We told you last week that Warner Home Video was getting close to making an official announcement on the long-awaited release of The Lord of the Rings Trilogy on Blu-ray, and now they've finally gone and done it. Their 6-disc The Lord of the Rings: The Motion Picture Trilogy Blu-ray box set will finally arrive in stores on 4/6/2010 (SRP $99.98 - available for pre-order on Amazon NOW for just $69.99), obviously on their New Line label. As we've reported previously, the box set will contain only the theatrical versions of the three films. Per Warner's press release "Extended versions of the films will be released at a later date on Blu-ray Disc." Our own sources tell us that the extended cuts are being held back at director Peter Jackson's request so that he can prepare more elaborate Blu-ray releases of those for debut closer to the theatrical and home video release of the two Hobbit films (now due in 2011 and 2012).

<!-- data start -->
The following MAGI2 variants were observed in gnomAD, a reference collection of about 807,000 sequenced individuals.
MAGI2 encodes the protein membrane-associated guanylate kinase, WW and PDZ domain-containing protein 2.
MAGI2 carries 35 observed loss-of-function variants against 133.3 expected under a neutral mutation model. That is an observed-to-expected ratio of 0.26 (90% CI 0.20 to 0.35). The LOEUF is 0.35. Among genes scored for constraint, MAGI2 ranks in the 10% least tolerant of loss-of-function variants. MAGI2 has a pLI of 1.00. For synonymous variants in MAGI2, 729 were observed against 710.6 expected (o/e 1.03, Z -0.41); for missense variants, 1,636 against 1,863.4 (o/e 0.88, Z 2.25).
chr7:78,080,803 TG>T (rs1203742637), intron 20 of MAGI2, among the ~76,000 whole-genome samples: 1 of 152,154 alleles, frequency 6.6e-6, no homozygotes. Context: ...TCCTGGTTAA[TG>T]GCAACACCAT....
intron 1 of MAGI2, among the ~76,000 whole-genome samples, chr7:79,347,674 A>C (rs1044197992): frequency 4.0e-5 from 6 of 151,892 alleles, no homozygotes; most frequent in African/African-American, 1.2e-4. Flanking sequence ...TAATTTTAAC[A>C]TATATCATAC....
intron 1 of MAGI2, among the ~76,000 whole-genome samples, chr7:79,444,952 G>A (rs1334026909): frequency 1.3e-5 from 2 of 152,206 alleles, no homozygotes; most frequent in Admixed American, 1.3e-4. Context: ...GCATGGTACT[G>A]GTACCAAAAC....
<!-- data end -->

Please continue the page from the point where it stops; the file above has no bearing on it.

Most every Ring-bearer amongst my circle of friends groaned when they heard this news. Why double-dip, when most anyone with half a brain is going to skip the truncated releases and go straight for the full-blown extended cut?
The answer, I think, lies in something I gleaned a while back when talking to the folks at FUNimation about their "Viridian" line of series reissues. One of the reasons there's such a constant stream of reissues of the same material — original individual volumes, series set, economy series set, etc. — is to keep a steady profit stream coming in. If you have a title you know you can sell a certain number of copies of — even if it's being eclipsed by something else later on — you get it out there and take what you can from it.
The other is to establish "shelf presence". If you don't have something with your name and logo on it on the shelves of Best Buy and Target, you might as well not exist anymore. (I sense a parallel with the Asian film industry, specifically Hong Kong: if you didn't show up in a movie every four months or so, people assumed your career was over.)
Reason #2 is just that much more proof the retailers, not the consumers, are the ones who call most of the shots here.
I don't blame Peter Jackson here: he wants to give his fans something worth waiting for. New Line and Warner Brothers evidently plan to keep the wheels of commerce turning with or without him.